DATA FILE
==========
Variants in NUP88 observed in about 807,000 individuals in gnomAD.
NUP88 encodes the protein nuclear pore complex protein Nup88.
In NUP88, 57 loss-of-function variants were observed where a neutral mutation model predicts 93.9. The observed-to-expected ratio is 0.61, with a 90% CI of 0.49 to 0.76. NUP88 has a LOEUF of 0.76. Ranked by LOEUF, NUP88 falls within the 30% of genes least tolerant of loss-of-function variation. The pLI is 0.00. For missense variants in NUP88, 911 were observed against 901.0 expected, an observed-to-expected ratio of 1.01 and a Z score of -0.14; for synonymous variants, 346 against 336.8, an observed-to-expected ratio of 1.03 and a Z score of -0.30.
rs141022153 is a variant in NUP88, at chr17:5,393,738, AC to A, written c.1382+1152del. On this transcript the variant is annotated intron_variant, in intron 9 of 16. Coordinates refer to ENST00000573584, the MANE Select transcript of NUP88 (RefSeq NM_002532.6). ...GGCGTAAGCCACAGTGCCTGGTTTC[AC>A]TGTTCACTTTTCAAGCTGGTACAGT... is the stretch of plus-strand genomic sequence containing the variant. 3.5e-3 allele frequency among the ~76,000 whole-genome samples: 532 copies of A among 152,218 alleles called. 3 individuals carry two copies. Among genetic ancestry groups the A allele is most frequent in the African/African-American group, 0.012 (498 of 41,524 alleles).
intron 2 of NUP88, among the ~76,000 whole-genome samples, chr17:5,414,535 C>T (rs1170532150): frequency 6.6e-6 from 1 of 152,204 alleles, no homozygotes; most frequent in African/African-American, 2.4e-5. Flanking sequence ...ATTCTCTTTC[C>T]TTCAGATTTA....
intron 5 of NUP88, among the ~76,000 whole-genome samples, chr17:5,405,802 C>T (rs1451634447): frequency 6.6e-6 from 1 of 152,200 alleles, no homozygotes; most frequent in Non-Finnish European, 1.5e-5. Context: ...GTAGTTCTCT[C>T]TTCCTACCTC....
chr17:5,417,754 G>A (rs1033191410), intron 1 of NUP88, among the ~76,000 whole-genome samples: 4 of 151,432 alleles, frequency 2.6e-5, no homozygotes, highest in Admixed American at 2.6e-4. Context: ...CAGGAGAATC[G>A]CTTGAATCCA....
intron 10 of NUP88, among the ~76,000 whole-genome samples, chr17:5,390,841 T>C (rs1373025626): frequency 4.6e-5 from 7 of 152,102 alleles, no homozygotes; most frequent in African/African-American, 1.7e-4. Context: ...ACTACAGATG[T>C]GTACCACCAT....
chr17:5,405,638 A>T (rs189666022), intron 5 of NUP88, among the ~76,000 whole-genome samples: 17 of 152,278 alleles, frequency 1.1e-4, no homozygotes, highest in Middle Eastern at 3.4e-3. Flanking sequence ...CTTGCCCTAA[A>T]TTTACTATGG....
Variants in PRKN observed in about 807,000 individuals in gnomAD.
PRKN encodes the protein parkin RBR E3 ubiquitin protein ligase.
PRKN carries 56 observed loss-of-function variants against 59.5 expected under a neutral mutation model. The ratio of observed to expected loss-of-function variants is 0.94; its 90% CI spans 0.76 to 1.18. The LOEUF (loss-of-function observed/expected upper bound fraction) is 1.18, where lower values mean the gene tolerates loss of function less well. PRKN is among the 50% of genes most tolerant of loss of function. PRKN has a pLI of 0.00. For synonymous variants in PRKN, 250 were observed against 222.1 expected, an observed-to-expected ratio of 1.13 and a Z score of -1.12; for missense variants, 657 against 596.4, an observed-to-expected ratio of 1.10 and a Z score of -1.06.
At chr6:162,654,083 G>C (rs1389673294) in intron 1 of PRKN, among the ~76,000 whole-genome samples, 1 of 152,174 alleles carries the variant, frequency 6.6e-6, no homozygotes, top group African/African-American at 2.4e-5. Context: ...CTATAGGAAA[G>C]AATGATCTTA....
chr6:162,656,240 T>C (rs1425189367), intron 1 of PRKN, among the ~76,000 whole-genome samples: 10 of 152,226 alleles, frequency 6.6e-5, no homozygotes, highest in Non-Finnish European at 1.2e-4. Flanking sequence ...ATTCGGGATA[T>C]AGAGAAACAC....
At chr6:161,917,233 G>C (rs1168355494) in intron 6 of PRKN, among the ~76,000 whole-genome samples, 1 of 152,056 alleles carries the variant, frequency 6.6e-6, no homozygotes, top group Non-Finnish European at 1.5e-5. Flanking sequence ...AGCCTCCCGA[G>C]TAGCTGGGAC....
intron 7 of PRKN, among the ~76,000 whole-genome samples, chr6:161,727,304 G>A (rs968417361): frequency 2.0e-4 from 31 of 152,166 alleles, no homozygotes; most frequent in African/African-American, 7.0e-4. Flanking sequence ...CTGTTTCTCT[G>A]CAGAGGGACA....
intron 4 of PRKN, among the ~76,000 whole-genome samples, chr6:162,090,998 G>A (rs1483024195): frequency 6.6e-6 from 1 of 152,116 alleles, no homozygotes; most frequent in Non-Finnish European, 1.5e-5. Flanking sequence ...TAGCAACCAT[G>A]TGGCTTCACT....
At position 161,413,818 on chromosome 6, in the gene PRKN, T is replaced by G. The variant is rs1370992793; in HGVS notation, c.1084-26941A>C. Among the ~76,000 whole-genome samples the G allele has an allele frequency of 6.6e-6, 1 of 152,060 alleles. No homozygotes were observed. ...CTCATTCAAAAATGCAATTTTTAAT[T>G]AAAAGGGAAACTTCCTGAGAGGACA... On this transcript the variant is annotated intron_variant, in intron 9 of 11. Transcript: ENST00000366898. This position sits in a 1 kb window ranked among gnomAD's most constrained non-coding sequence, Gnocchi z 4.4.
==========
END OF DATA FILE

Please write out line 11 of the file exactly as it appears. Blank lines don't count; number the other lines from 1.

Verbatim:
PRKN encodes the protein parkin RBR E3 ubiquitin protein ligase.